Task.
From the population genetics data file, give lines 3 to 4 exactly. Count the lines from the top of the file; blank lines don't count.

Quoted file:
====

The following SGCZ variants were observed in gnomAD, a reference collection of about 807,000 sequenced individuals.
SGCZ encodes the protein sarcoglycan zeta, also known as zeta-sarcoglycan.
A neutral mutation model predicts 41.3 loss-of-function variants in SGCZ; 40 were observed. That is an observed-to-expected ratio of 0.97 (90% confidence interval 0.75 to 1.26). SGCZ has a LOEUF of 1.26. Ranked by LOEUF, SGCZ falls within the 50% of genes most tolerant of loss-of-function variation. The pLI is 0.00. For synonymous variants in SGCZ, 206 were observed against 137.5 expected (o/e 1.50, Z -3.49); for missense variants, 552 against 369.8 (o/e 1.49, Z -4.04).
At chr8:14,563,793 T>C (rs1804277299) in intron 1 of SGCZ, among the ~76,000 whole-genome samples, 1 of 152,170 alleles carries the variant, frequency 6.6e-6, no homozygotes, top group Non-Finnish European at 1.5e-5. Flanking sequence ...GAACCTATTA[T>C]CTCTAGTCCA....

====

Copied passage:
A neutral mutation model predicts 41.3 loss-of-function variants in SGCZ; 40 were observed. That is an observed-to-expected ratio of 0.97 (90% confidence interval 0.75 to 1.26). SGCZ has a LOEUF of 1.26. Ranked by LOEUF, SGCZ falls within the 50% of genes most tolerant of loss-of-function variation. The pLI is 0.00. For synonymous variants in SGCZ, 206 were observed against 137.5 expected (o/e 1.50, Z -3.49); for missense variants, 552 against 369.8 (o/e 1.49, Z -4.04).
At chr8:14,563,793 T>C (rs1804277299) in intron 1 of SGCZ, among the ~76,000 whole-genome samples, 1 of 152,170 alleles carries the variant, frequency 6.6e-6, no homozygotes, top group Non-Finnish European at 1.5e-5. Flanking sequence ...GAACCTATTA[T>C]CTCTAGTCCA....